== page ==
I can’t remember prisoners being called heroes until President Richard Nixon decided to use them for his political gain in the 1972 election. In a book I reviewed for the Rochester Post-Bulletin a number of years ago about the air war in Vietnam, it was written that pilots didn’t think the other pilots who got shot down or let themselves get shot down were heroic at all. But that was just their commentary at the time, early in the war around 1965-66.
I don’t know if U.S. Sen. John McCain is or was a hero of the Vietnam War. I know for sure I’m not. I never jumped on a grenade, and I never was a POW. I am just one of the many who got conned into serving my country at the time. I do remember how I felt in 1973 when the POWs came home, though. I felt lost. I felt useless. I felt helpless.
As presidential candidate Donald Trump told ABC News: “People that fought hard and weren’t captured and went through a lot, they get no credit. Nobody even talks about them. They’re like forgotten. And I think that’s a shame, if you want to know the truth.” He went on to say that McCain has done a poor job of helping to fix the Veterans Affairs health care system. “He’s all talk and no action.”
A lot of people don’t agree with Mr. Trump’s observations. I am one of those people. But on this veteran’s issue, he did stir memories that I had been trained to pack away.
I got out of the Army in October 1972. I spent a year in Vietnam as a medic in 1971. After the military, I returned to work as an orderly at Methodist Hospital in Rochester. I didn’t get the same job back. They only had to provide a similar position. So I pushed patients to the Mayo Clinic in wheelchairs through a maze of underground tunnels. That’s all I could do, because the civilian world didn’t recognize my medic training.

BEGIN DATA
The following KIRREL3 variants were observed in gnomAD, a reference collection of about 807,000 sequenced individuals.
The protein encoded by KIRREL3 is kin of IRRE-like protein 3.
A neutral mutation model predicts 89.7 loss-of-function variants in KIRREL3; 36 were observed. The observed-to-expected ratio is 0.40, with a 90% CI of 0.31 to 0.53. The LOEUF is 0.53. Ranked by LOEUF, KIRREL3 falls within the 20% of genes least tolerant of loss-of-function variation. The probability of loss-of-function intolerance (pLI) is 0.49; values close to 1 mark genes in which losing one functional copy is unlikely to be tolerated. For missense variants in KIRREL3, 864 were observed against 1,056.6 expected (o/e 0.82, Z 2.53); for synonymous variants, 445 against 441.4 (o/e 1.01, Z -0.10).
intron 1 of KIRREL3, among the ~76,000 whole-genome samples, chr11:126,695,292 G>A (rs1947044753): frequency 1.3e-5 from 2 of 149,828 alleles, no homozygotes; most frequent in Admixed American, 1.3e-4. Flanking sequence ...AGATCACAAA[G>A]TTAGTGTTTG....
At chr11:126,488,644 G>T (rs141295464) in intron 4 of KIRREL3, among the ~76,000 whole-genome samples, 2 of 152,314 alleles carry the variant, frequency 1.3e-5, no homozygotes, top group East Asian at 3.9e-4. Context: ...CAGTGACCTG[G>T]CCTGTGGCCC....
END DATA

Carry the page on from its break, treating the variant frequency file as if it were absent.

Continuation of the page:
I was frustrated that my skills were going to waste. Then news came that the Vietnam War was winding down and that the POWs were going to be released. I didn’t think much of it at the time until that day I was at work pushing wheelchairs and I happened to stop by a visitors’ area where people were watching the returning POWs getting off the plane.
I lived in a fleabag motel near the hospital at the time. I left work and went to my room and turned on my portable TV, opened a beer and watched the POW story unfold.
After a few more beers, I decided not to return to work. Why were these guys getting so much respect? I couldn’t even wear my uniform and walk down the street without someone yelling obscenities at me. It didn’t make sense. Readjustment was hard enough, but now it seemed so overwhelming that I didn’t know where to turn. There were no outreach programs in Rochester in 1973 for returning Vietnam veterans. It was “pull yourself up by the bootstraps” or get your head out of your butt and get a job and stop bitching.
I began having trouble at work. My job was meaningless. I didn’t want to do anything but sit in my crappy motel room and drink beer and feel sorry for myself for wasting my time in the Army. I was fired a few weeks later.
No one cared about what was going on with my “feelings.” I wasn’t a “hero” like the returning POWs. I was just another faceless, nameless veteran of the Vietnam War who had believed what my nation had told me and had ended up like so many men and women used by the military in every war this nation has fought. I just felt used, like so many other veterans did.
Tim Connelly lives in Richfield.